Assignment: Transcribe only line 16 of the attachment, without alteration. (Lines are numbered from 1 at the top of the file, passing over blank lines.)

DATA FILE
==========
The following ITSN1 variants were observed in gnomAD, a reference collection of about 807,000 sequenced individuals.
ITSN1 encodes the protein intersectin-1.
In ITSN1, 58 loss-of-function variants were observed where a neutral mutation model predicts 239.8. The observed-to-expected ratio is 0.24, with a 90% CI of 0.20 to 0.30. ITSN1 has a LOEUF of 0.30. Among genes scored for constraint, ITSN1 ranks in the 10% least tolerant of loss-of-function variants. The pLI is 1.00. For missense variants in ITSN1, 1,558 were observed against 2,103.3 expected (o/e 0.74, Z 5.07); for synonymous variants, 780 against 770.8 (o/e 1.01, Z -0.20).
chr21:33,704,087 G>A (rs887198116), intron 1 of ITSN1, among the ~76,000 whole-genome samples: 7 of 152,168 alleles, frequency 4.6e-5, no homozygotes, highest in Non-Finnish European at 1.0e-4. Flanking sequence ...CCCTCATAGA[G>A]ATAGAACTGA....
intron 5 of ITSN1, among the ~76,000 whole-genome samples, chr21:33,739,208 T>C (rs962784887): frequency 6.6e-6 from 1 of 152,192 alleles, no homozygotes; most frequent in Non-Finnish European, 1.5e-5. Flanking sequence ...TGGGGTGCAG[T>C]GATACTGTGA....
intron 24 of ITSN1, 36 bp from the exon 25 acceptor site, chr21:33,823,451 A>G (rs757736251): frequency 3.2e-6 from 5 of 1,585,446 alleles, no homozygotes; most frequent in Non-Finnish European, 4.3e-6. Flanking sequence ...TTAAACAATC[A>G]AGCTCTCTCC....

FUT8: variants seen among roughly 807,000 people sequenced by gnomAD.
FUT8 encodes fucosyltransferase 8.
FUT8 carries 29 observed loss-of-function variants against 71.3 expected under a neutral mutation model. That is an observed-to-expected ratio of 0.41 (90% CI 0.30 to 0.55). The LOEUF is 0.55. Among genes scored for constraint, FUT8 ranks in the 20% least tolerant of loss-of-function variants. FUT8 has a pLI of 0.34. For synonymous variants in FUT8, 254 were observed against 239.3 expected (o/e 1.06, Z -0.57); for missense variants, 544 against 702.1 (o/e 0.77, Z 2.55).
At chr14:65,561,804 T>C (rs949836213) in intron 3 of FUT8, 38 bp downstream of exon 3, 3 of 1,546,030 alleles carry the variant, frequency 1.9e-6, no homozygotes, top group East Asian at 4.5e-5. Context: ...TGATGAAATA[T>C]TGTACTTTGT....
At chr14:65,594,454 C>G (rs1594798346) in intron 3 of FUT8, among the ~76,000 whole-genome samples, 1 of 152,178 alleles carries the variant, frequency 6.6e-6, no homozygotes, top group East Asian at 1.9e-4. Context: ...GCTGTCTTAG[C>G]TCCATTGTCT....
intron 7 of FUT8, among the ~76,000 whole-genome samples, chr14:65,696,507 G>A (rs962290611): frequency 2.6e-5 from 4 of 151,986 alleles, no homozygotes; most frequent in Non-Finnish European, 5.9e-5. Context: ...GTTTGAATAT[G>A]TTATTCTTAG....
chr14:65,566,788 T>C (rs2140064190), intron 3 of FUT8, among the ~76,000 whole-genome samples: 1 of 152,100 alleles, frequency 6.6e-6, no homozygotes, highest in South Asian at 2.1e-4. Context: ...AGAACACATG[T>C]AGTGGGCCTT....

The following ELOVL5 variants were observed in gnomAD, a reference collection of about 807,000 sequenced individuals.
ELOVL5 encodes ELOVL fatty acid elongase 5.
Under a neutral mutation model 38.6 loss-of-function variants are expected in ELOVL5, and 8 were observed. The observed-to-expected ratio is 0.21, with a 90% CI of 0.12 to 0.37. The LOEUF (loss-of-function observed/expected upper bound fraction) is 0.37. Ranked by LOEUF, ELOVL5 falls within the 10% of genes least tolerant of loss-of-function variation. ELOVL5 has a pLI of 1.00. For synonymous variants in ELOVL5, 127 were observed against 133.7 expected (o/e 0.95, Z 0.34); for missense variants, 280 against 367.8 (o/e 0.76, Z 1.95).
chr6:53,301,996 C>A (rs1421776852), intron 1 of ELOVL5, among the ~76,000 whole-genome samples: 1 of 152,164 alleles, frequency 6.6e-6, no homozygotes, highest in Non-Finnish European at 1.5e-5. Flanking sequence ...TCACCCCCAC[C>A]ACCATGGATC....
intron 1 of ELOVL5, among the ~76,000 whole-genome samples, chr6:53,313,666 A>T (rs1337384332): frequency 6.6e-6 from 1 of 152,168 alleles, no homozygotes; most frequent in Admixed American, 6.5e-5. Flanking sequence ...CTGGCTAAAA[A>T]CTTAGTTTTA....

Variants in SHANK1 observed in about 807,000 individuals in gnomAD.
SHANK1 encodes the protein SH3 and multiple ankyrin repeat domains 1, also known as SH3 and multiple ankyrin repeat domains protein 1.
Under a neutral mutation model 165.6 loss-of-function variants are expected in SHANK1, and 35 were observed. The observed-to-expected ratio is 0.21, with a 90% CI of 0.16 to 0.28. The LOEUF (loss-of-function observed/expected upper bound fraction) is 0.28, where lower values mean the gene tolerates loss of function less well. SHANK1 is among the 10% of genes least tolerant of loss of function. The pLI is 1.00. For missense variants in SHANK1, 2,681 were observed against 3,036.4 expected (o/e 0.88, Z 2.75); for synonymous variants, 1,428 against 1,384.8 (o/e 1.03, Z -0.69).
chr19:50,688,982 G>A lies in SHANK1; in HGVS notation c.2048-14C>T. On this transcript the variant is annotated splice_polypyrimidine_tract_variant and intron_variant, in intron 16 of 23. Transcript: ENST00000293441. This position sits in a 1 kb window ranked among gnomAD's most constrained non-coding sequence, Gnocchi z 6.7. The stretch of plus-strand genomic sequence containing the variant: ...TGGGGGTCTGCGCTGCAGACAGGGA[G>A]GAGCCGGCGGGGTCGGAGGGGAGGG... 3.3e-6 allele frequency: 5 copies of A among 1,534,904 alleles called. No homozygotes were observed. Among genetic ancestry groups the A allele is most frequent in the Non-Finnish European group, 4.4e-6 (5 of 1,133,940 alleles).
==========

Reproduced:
Under a neutral mutation model 38.6 loss-of-function variants are expected in ELOVL5, and 8 were observed. The observed-to-expected ratio is 0.21, with a 90% CI of 0.12 to 0.37. The LOEUF (loss-of-function observed/expected upper bound fraction) is 0.37. Ranked by LOEUF, ELOVL5 falls within the 10% of genes least tolerant of loss-of-function variation. ELOVL5 has a pLI of 1.00. For synonymous variants in ELOVL5, 127 were observed against 133.7 expected (o/e 0.95, Z 0.34); for missense variants, 280 against 367.8 (o/e 0.76, Z 1.95).